News, Press Releases & Major Announcements

Listed are the major scientific or administrative developments of, or related to, the CSH.


An astronomical waltz reveals a sextuplet of planets

An international collaboration between astronomers using the CHEOPS and TESS space satellites, including NCCR PlanetS members from the University of Bern and the University of Geneva, have found a key new system of six transiting planets orbiting a bright star in a harmonic rhythm. This rare property enabled the team to determine the planetary orbits which initially appeared as an unsolvable riddle.


James Webb Space Telescope identifies origins of icy building blocks of life

Interstellar molecular clouds are considered to be the birth sites of planetary systems. With the help of the James Webb Space Telescope, an international research team including the Center for Space and Habitability (CSH) at the University of Bern and the National Centre of Competence in Research (NCCR) PlanetS discovered the deepest and coldest ice ever detected in such a molecular cloud. The discovery provides astronomers with new insights into the icy components that could be incorporated into planets over time and eventually form the basis for life.


Small asteroids are probably young

The impact experiment conducted on the asteroid Ryugu by the Japanese Hayabusa2 mission which took place two years ago resulted in an unexpectedly large crater. With the use of simulations, a team led by the University of Bern and the National Center of Competence in Research (NCCR) PlanetS has recently succeeded in gaining new insights from the experiment regarding the formation and development of asteroids. These insights are also important for the DART mission of NASA.

A pair of lonely planet-like objects born like stars

An international research team led by Dr. Clémence Fontanive from the CSH has discovered an exotic binary system composed of two young planet-like objects, orbiting around each other from a very large distance. Although these objects look like giant exoplanets, they formed in the same way as stars, proving that the mechanisms driving star formation can produce rogue worlds in unusual systems deprived of a Sun.

Swiss Society for Astrophysics & Astronomy

The CSH is now an institutional member of the Swiss Society for Astrophysics & Astronomy (SSAA).

Liquifying a rocky exoplanet

A hot, molten Earth would be around 5% larger than its solid counterpart. This is the result of a study led by researchers at the University of Bern. The difference between molten and solid rocky planets is important for the search of Earth-like worlds beyond our Solar System and the understanding of Earth itself.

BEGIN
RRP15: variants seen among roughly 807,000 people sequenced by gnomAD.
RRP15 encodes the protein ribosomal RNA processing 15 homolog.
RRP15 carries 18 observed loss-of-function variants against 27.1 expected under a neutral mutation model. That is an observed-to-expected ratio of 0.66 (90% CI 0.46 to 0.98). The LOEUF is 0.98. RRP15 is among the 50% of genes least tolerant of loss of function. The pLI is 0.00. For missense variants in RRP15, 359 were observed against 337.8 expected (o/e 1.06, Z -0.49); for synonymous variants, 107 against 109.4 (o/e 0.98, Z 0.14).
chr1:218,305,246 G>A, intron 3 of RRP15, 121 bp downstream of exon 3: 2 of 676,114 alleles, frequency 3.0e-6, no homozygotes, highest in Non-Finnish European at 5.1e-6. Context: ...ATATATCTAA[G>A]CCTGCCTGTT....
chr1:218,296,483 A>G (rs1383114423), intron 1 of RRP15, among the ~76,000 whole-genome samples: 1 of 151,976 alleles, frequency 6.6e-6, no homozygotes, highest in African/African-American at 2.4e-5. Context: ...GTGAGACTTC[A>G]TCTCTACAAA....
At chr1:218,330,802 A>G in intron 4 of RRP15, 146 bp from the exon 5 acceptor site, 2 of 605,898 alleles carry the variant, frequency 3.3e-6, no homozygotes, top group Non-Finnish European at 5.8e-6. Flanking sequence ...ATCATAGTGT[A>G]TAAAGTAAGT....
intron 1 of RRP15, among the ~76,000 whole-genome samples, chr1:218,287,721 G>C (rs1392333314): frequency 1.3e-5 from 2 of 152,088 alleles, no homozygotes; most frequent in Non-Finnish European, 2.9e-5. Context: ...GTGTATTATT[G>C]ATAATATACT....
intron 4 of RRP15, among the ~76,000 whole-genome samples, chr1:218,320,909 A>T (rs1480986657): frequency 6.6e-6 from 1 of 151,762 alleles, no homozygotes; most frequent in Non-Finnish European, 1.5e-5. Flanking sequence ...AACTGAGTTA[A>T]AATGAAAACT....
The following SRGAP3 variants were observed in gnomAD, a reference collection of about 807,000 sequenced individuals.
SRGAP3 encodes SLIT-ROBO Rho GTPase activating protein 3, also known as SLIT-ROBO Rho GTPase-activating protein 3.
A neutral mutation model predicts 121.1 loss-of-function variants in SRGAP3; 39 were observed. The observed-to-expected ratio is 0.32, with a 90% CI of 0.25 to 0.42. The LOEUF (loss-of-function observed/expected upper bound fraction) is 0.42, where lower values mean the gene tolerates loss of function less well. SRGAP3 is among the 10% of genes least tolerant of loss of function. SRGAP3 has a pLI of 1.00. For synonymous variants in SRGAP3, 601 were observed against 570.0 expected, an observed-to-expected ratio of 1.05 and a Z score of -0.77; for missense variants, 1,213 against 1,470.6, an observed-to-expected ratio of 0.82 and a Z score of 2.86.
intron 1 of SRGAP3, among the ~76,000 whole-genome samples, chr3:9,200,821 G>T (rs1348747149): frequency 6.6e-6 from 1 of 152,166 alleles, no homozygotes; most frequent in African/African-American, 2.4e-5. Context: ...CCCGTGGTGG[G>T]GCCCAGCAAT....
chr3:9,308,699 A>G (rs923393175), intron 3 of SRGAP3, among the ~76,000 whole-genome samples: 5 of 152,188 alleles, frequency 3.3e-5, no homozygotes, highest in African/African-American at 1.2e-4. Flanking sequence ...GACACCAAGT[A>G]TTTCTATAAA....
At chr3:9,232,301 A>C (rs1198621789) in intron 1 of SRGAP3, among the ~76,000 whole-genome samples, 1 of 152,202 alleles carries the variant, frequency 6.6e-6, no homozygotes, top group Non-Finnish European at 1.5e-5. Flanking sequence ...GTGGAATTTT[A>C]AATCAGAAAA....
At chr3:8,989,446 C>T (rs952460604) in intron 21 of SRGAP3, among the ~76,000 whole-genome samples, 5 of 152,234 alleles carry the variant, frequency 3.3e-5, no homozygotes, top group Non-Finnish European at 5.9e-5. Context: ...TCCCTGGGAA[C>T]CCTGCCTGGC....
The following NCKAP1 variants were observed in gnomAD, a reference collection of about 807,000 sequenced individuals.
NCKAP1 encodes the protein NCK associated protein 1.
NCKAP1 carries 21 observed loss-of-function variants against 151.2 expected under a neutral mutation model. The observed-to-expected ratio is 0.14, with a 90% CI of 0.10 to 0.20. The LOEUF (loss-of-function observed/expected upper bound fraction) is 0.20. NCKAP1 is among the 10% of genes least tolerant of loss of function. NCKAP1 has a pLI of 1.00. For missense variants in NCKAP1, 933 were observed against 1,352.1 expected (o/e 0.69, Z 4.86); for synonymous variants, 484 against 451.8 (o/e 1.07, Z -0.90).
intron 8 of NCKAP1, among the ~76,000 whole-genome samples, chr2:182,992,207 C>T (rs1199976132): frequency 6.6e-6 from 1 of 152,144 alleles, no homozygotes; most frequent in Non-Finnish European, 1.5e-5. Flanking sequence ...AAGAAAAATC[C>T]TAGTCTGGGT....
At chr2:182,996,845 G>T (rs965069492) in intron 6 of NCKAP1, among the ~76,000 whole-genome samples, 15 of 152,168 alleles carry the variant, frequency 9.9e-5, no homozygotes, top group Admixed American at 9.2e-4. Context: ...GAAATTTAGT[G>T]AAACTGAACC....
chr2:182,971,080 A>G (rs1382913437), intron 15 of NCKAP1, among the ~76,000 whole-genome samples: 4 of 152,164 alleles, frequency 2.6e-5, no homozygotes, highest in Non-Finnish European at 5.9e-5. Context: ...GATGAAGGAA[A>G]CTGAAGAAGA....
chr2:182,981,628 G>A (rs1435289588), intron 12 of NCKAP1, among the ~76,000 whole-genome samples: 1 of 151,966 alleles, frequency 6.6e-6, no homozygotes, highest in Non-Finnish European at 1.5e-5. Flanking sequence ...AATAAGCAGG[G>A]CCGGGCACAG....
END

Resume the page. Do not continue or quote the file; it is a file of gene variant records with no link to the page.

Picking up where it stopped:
Iron and titanium discovered in the atmosphere of an exoplanet

For the first time, two teams of researchers from the universities of Bern and Geneva, led by Profs. Drs. Kevin Heng and David Ehrenreich, respectively, have definitively discovered iron and titanium in the atmosphere of an exoplanet. The existence of these elements in gaseous form was theoretically predicted in a companion paper led by CSH Postdoc Dr. Daniel Kitzmann. The observational discovery paper was led by PlanetS Postdoc Dr. Jens Hoeijmakers.

State-of-the-art mass measurements of the TRAPPIST-1 exoplanets

What the TRAPPIST-1 planets could look like

Led by CSH senior researcher Dr. Simon Grimm, researchers at the University of Bern obtained the most accurate estimates of the masses of the seven Earth-sized exoplanets orbiting the TRAPPIST-1 red dwarf star. Dr. Grimm performed state-of-the-art calculations that combined N-body dynamics with a genetic algorithm to analyze transit timing variations (TTVs) of the TRAPPIST-1 exoplanets.

AAS announces its 2018 prize winners

AAS announces its 2018 prize winners

The American Astronomical Society (AAS), the major organization of professional astronomers in North America, named the recipients of its 2018 prizes for outstanding achievements in scientific research, instrument development, and writing. Prof. Dr. Kevin Heng won the Chambliss Astronomical Writing Award. This is the ninth time the award has been given out by the AAS.

Release of Report on Ultraviolet Direct Imager

Former CSH visitor Dr. Ian Parry led the proposal to ESA of a new idea for a direct imager of habitable exoplanets in the ultraviolet range of wavelengths.

CSH part of LUVOIR Mission Study

Prof. Dr. Kevin Heng is now part of the Science and Technology Definition Team (STDT) of the Large Ultraviolet/Optical/Infrared Surveyor (LUVOIR) mission study led by NASA, with representation from European members.

Seven terrestrial exoplanets around a nearby star

Seven terrestrial exoplanets around a nearby star

An international team of astronomers, including Marko Seskovic and Prof. Dr. Brice-Olivier Demory of the CSH, has discovered a compact analogue of our inner solar system about 40 light-years away with the data collected from NASA’s Spitzer Space Telescope.

Bernoulli Fellowships Established

The Bernoulli Fellowships have been created by the CSH. These are 4-year joint positions shared between the CSH and its partner institutes or universities. Our inaugural partners in the Bernoulli Fellows are Oxford University and the Max Planck Institute for Astronomy (MPIA) at Heidelberg.

Exoplanets I Conference

Exoplanets I Conference

The Exoplanets I conference, held at the Davos Congress Center in July 2016, has been awarded funding by the Swiss National Science Foundation (conference grant), the PlanetS NCCR and the Swiss Society of Astronomy & Astrophysics (SSAA). The chairperson of the Scientific Organizing Committee (SOC) is Prof. Dr. Kevin Heng.